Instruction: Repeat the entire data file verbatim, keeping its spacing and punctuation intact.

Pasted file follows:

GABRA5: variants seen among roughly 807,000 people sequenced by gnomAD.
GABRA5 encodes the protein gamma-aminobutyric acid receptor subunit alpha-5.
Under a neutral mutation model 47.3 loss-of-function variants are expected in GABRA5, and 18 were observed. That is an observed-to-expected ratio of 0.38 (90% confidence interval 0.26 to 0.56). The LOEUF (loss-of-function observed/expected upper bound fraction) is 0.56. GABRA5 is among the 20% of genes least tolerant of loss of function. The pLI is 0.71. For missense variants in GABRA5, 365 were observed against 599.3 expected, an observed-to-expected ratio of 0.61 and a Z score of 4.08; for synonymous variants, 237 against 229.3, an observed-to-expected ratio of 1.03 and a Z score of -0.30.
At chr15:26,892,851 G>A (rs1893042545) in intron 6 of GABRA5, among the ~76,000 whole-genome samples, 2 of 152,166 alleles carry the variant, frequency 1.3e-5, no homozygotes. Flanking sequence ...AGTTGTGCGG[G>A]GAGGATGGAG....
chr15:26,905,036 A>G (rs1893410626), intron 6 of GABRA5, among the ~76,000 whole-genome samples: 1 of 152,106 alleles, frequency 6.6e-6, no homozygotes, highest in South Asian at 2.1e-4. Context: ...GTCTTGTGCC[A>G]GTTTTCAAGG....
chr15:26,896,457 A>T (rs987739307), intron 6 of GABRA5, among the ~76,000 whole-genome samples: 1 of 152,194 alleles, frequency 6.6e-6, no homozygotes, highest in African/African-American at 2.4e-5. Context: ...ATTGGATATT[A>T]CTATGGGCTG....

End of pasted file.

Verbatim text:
GABRA5: variants seen among roughly 807,000 people sequenced by gnomAD.
GABRA5 encodes the protein gamma-aminobutyric acid receptor subunit alpha-5.
Under a neutral mutation model 47.3 loss-of-function variants are expected in GABRA5, and 18 were observed. That is an observed-to-expected ratio of 0.38 (90% confidence interval 0.26 to 0.56). The LOEUF (loss-of-function observed/expected upper bound fraction) is 0.56. GABRA5 is among the 20% of genes least tolerant of loss of function. The pLI is 0.71. For missense variants in GABRA5, 365 were observed against 599.3 expected, an observed-to-expected ratio of 0.61 and a Z score of 4.08; for synonymous variants, 237 against 229.3, an observed-to-expected ratio of 1.03 and a Z score of -0.30.
At chr15:26,892,851 G>A (rs1893042545) in intron 6 of GABRA5, among the ~76,000 whole-genome samples, 2 of 152,166 alleles carry the variant, frequency 1.3e-5, no homozygotes. Flanking sequence ...AGTTGTGCGG[G>A]GAGGATGGAG....
chr15:26,905,036 A>G (rs1893410626), intron 6 of GABRA5, among the ~76,000 whole-genome samples: 1 of 152,106 alleles, frequency 6.6e-6, no homozygotes, highest in South Asian at 2.1e-4. Context: ...GTCTTGTGCC[A>G]GTTTTCAAGG....
chr15:26,896,457 A>T (rs987739307), intron 6 of GABRA5, among the ~76,000 whole-genome samples: 1 of 152,194 alleles, frequency 6.6e-6, no homozygotes, highest in African/African-American at 2.4e-5. Context: ...ATTGGATATT[A>T]CTATGGGCTG....